· Childhood Disintegrative Disorder (CDD) - This rare disorder affects only about two out of every 100,000 children with ASDs, most of them male. Children with CDD will develop normally until about age 3 or 4, then will suddenly and dramatically lose their motor, language and social skills.
· Pervasive Developmental Disorder - Not Otherwise Specified (PDD-NOS) - This condition shares some of the same symptoms with autism (communication and social delays), but does not meet the full criteria for diagnosis.
Autism is much more common in people with certain genetic, chromosomal, and metabolic disorders, such as fragile X syndrome (an inherited form of mental retardation whose name refers to a damaged and fragile-looking X chromosome), phenylketonuria (an inherited condition in which the body lacks the enzyme needed to process the amino acid phenylalanine, leading to mental retardation) and tuberous sclerosis (a rare genetic disorder that causes benign tumors to grow throughout the body and brain). Epileptic seizures, mental retardation and vision and/or hearing loss are also common in children who have autism.
Next, we'll look at some of the potential causes of autism.
Theory of Mind
In 1995, Dr. Simon Baron-Cohen of
proposed a new theory about autism. He suggested that many individuals with autism suffer from "mindblindness" -- that is, they are unable to understand that other people have their own unique thoughts and emotions. It is this inability to empathize and relate to differences in others' way of thinking that results in the communication and social difficulties that people with autism exp erience, according to Dr. Baron-Cohen. Cambridge University
Within the first few months of their baby's life, the parents of an autistic child may begin to feel that something is not quite right. They may notice that their child, who once seemed normal in every way, is acting strangely, refusing to make eye contact, point to toys, or speak.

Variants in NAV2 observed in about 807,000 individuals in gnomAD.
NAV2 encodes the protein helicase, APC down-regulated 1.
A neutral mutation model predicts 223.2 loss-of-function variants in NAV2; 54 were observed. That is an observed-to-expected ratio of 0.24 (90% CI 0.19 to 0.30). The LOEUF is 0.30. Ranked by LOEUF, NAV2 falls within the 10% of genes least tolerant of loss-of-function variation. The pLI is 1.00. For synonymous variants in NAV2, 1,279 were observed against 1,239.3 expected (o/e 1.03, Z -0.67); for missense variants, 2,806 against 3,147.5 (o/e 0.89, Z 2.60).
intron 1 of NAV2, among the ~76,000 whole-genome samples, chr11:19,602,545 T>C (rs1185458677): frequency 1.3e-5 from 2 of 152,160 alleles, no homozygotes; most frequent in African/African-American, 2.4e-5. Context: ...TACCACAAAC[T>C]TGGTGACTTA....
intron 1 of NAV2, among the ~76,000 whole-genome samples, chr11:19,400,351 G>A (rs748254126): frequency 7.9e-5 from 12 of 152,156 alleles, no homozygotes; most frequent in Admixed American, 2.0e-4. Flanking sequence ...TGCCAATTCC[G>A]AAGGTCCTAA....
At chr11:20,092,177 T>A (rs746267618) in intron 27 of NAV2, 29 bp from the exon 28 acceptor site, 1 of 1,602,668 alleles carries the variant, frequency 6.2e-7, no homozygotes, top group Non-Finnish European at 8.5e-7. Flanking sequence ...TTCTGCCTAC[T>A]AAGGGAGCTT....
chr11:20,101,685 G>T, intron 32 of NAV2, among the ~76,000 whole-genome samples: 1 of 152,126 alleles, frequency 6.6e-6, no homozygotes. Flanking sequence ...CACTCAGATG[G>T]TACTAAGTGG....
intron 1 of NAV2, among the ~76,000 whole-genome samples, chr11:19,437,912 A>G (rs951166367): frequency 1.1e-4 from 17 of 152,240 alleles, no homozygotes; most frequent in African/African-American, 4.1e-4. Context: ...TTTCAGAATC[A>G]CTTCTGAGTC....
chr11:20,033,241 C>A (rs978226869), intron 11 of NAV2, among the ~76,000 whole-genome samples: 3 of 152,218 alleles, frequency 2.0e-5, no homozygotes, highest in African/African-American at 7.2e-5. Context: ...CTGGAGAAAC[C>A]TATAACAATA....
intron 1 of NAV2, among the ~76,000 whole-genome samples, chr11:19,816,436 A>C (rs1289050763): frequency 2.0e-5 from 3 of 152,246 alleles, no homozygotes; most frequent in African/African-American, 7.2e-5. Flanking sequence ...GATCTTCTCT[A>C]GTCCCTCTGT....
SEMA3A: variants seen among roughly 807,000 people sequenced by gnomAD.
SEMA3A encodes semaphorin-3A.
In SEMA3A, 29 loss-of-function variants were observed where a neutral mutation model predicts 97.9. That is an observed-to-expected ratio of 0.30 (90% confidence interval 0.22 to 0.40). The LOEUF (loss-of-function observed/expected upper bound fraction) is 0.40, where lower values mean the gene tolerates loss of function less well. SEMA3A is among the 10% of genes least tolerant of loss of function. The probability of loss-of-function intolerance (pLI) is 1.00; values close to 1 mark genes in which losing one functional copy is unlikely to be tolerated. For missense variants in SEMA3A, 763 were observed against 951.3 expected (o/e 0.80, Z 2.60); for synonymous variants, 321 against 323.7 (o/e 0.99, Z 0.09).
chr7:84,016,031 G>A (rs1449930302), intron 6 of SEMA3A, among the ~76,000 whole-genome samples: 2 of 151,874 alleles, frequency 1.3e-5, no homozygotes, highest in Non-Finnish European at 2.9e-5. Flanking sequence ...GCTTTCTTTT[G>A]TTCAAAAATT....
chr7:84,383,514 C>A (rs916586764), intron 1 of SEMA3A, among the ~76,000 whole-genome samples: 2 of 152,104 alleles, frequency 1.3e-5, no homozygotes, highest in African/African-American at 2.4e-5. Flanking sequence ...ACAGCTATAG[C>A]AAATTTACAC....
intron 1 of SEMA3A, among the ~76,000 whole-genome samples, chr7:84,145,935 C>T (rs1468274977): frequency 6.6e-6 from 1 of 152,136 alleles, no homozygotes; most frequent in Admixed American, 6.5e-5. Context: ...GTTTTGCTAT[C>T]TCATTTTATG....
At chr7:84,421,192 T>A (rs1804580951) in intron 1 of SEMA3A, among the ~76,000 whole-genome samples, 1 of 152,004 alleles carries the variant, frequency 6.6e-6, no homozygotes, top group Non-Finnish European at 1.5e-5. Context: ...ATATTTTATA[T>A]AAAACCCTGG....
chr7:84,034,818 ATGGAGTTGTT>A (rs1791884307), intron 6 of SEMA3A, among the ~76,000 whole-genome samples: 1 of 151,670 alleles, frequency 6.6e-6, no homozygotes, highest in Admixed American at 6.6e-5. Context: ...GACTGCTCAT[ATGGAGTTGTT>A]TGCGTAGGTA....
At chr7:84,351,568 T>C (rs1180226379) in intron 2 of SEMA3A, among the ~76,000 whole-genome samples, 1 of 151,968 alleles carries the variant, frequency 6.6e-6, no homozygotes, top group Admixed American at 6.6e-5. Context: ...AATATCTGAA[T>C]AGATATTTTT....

Even though the signs may appear before age two, most children aren't diagnosed with autism until age four or five, according to the CDC. Part of the reason for this delay is that the symptoms of autism can look much like those of other conditions, which is why autism screening is a multi-step process involving several different health and mental health Professionals.
The first step to diagnosing autism begins with a developmental test administered by the child's pediatrician. If this test suggests an ASD, the next step is to bring in a team of experts, which may include a psychologist, neurologist, child psychiatrist, speech therapist, occupational therapist, physical therapist, and possibly other professionals. These doctors will evaluate the child for neurologic or genetic problems, as well as for cognitive and language skills. Evaluation may include observations, parent interviews, patient histories, speech and language assessments and psychological tests.
Screening tests for autism include:
· The Autism Diagnostic Observation Schedule (ADOS-G): An observational test used to identify delayed social and communication behaviors.
· The Autism Diagnosis Interview-Revised (ADI-R): An interview that assesses the child's communication and social skills.
· Childhood Autism Rating Scale (CARS): An observational test to determine autism severity that uses a 15-point scale to evaluate a child's verbal communication abilities, listening skills, body use, and social relationships.
· The Autism Screening Questionnaire: A 40-question scale used in children four and older to evaluate social and communication abilities
According to the American Psychiatric Association's Diagnostic and Statistical Manual of Mental Disorders, Fourth Edition (DSM-IV), children with autism meet at least six of the following criteria:
· Social impairments:
o Does not properly use nonverbal behaviors such as gestures and facial expressions
o Fails to develop age-appropriate peer relationships
o Does not spontaneously share objects or interests with other
o Lacks social or emotional reciprocity